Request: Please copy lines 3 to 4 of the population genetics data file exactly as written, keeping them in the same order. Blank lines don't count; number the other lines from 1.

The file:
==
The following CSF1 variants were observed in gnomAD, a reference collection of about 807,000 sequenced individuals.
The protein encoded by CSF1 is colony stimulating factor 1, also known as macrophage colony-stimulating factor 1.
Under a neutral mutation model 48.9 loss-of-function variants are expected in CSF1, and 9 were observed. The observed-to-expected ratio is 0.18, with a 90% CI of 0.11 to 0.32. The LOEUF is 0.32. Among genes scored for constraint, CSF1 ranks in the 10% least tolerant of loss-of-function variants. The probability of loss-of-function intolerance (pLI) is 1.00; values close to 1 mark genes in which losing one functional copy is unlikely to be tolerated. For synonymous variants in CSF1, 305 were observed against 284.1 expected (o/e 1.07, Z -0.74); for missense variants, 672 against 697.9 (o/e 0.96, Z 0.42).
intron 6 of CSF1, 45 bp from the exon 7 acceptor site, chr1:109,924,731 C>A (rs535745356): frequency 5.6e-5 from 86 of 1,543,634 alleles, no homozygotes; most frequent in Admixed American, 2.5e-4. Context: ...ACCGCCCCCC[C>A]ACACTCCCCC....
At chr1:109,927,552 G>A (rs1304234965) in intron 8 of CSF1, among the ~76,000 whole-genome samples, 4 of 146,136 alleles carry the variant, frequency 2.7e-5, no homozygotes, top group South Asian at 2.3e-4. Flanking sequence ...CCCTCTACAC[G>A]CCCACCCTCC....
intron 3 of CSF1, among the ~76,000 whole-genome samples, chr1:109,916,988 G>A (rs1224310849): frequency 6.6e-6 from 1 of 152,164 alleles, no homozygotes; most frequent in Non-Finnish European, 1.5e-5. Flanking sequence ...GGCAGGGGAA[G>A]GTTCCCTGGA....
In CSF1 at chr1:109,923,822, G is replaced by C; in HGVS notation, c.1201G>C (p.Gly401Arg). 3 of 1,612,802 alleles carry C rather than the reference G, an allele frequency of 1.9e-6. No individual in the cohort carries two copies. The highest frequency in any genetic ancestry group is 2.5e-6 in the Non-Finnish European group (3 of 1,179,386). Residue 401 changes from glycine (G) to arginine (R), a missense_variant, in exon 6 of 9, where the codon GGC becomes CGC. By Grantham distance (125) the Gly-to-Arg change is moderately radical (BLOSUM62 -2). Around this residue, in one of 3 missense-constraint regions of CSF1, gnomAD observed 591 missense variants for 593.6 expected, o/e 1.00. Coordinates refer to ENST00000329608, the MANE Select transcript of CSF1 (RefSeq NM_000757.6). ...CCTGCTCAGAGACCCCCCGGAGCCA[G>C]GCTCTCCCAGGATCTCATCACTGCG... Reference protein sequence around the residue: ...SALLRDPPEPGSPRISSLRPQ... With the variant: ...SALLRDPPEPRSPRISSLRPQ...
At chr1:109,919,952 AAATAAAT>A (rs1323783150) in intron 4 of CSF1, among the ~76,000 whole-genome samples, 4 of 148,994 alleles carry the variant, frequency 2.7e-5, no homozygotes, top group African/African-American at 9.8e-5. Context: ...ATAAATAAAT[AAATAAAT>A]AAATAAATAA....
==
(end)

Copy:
Under a neutral mutation model 48.9 loss-of-function variants are expected in CSF1, and 9 were observed. The observed-to-expected ratio is 0.18, with a 90% CI of 0.11 to 0.32. The LOEUF is 0.32. Among genes scored for constraint, CSF1 ranks in the 10% least tolerant of loss-of-function variants. The probability of loss-of-function intolerance (pLI) is 1.00; values close to 1 mark genes in which losing one functional copy is unlikely to be tolerated. For synonymous variants in CSF1, 305 were observed against 284.1 expected (o/e 1.07, Z -0.74); for missense variants, 672 against 697.9 (o/e 0.96, Z 0.42).
intron 6 of CSF1, 45 bp from the exon 7 acceptor site, chr1:109,924,731 C>A (rs535745356): frequency 5.6e-5 from 86 of 1,543,634 alleles, no homozygotes; most frequent in Admixed American, 2.5e-4. Context: ...ACCGCCCCCC[C>A]ACACTCCCCC....